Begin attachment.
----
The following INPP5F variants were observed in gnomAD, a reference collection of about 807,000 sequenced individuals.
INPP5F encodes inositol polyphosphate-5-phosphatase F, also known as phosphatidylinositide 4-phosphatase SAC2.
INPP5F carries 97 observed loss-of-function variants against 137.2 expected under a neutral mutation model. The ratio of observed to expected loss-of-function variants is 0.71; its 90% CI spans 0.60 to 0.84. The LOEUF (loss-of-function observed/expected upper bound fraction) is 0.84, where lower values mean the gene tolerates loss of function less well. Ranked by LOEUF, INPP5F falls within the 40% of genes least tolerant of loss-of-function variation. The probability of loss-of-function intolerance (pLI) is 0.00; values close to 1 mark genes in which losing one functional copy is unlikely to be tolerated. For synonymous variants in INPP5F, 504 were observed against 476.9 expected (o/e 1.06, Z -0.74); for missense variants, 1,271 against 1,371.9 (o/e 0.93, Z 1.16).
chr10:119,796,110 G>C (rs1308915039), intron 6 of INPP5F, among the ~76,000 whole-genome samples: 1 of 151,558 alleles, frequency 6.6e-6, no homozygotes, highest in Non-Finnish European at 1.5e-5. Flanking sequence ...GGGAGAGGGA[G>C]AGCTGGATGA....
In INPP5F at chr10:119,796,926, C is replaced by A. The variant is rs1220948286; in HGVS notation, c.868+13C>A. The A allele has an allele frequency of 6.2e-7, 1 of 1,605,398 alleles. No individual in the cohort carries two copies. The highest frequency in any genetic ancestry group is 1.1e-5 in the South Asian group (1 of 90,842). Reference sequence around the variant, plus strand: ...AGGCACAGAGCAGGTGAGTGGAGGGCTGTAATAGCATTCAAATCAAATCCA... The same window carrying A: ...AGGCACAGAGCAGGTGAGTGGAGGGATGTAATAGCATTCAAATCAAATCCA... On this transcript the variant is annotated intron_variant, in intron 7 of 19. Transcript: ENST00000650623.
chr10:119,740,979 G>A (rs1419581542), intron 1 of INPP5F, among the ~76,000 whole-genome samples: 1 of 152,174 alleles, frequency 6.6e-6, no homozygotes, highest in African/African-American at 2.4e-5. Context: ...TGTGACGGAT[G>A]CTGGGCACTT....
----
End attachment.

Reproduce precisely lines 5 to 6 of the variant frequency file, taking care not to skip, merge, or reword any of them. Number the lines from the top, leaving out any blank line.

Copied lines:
In INPP5F at chr10:119,796,926, C is replaced by A. The variant is rs1220948286; in HGVS notation, c.868+13C>A. The A allele has an allele frequency of 6.2e-7, 1 of 1,605,398 alleles. No individual in the cohort carries two copies. The highest frequency in any genetic ancestry group is 1.1e-5 in the South Asian group (1 of 90,842). Reference sequence around the variant, plus strand: ...AGGCACAGAGCAGGTGAGTGGAGGGCTGTAATAGCATTCAAATCAAATCCA... The same window carrying A: ...AGGCACAGAGCAGGTGAGTGGAGGGATGTAATAGCATTCAAATCAAATCCA... On this transcript the variant is annotated intron_variant, in intron 7 of 19. Transcript: ENST00000650623.
chr10:119,740,979 G>A (rs1419581542), intron 1 of INPP5F, among the ~76,000 whole-genome samples: 1 of 152,174 alleles, frequency 6.6e-6, no homozygotes, highest in African/African-American at 2.4e-5. Context: ...TGTGACGGAT[G>A]CTGGGCACTT....